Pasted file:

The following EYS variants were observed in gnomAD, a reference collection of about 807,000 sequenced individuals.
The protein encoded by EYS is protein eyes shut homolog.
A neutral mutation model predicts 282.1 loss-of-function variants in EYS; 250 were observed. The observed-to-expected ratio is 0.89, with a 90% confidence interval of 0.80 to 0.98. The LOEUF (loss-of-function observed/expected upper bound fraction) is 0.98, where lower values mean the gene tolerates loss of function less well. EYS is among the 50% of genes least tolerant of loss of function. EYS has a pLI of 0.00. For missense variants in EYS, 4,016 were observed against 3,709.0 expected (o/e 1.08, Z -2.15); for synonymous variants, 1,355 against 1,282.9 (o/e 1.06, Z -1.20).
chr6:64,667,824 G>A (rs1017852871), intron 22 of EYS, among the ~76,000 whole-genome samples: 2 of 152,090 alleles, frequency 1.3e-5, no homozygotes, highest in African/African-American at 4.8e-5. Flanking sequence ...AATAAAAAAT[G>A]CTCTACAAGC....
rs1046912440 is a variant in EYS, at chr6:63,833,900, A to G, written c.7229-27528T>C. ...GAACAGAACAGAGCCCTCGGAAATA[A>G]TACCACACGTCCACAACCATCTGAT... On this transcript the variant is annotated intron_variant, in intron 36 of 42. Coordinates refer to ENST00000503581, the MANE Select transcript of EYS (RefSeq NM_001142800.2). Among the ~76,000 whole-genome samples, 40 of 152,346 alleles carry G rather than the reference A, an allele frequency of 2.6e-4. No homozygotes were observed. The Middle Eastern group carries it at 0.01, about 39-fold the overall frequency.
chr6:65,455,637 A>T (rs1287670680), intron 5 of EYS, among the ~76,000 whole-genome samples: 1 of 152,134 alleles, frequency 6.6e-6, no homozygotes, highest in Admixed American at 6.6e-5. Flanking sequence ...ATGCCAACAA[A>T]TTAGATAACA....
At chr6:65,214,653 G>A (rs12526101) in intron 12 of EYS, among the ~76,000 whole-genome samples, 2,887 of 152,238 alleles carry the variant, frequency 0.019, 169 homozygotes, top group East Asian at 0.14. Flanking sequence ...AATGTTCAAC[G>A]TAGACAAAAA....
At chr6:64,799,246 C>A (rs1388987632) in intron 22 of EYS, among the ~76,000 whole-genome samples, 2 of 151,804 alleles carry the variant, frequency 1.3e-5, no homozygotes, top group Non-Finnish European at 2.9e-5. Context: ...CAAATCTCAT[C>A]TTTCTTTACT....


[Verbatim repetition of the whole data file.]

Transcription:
The following EYS variants were observed in gnomAD, a reference collection of about 807,000 sequenced individuals.
The protein encoded by EYS is protein eyes shut homolog.
A neutral mutation model predicts 282.1 loss-of-function variants in EYS; 250 were observed. The observed-to-expected ratio is 0.89, with a 90% confidence interval of 0.80 to 0.98. The LOEUF (loss-of-function observed/expected upper bound fraction) is 0.98, where lower values mean the gene tolerates loss of function less well. EYS is among the 50% of genes least tolerant of loss of function. EYS has a pLI of 0.00. For missense variants in EYS, 4,016 were observed against 3,709.0 expected (o/e 1.08, Z -2.15); for synonymous variants, 1,355 against 1,282.9 (o/e 1.06, Z -1.20).
chr6:64,667,824 G>A (rs1017852871), intron 22 of EYS, among the ~76,000 whole-genome samples: 2 of 152,090 alleles, frequency 1.3e-5, no homozygotes, highest in African/African-American at 4.8e-5. Flanking sequence ...AATAAAAAAT[G>A]CTCTACAAGC....
rs1046912440 is a variant in EYS, at chr6:63,833,900, A to G, written c.7229-27528T>C. ...GAACAGAACAGAGCCCTCGGAAATA[A>G]TACCACACGTCCACAACCATCTGAT... On this transcript the variant is annotated intron_variant, in intron 36 of 42. Coordinates refer to ENST00000503581, the MANE Select transcript of EYS (RefSeq NM_001142800.2). Among the ~76,000 whole-genome samples, 40 of 152,346 alleles carry G rather than the reference A, an allele frequency of 2.6e-4. No homozygotes were observed. The Middle Eastern group carries it at 0.01, about 39-fold the overall frequency.
chr6:65,455,637 A>T (rs1287670680), intron 5 of EYS, among the ~76,000 whole-genome samples: 1 of 152,134 alleles, frequency 6.6e-6, no homozygotes, highest in Admixed American at 6.6e-5. Flanking sequence ...ATGCCAACAA[A>T]TTAGATAACA....
At chr6:65,214,653 G>A (rs12526101) in intron 12 of EYS, among the ~76,000 whole-genome samples, 2,887 of 152,238 alleles carry the variant, frequency 0.019, 169 homozygotes, top group East Asian at 0.14. Flanking sequence ...AATGTTCAAC[G>A]TAGACAAAAA....
At chr6:64,799,246 C>A (rs1388987632) in intron 22 of EYS, among the ~76,000 whole-genome samples, 2 of 151,804 alleles carry the variant, frequency 1.3e-5, no homozygotes, top group Non-Finnish European at 2.9e-5. Context: ...CAAATCTCAT[C>A]TTTCTTTACT....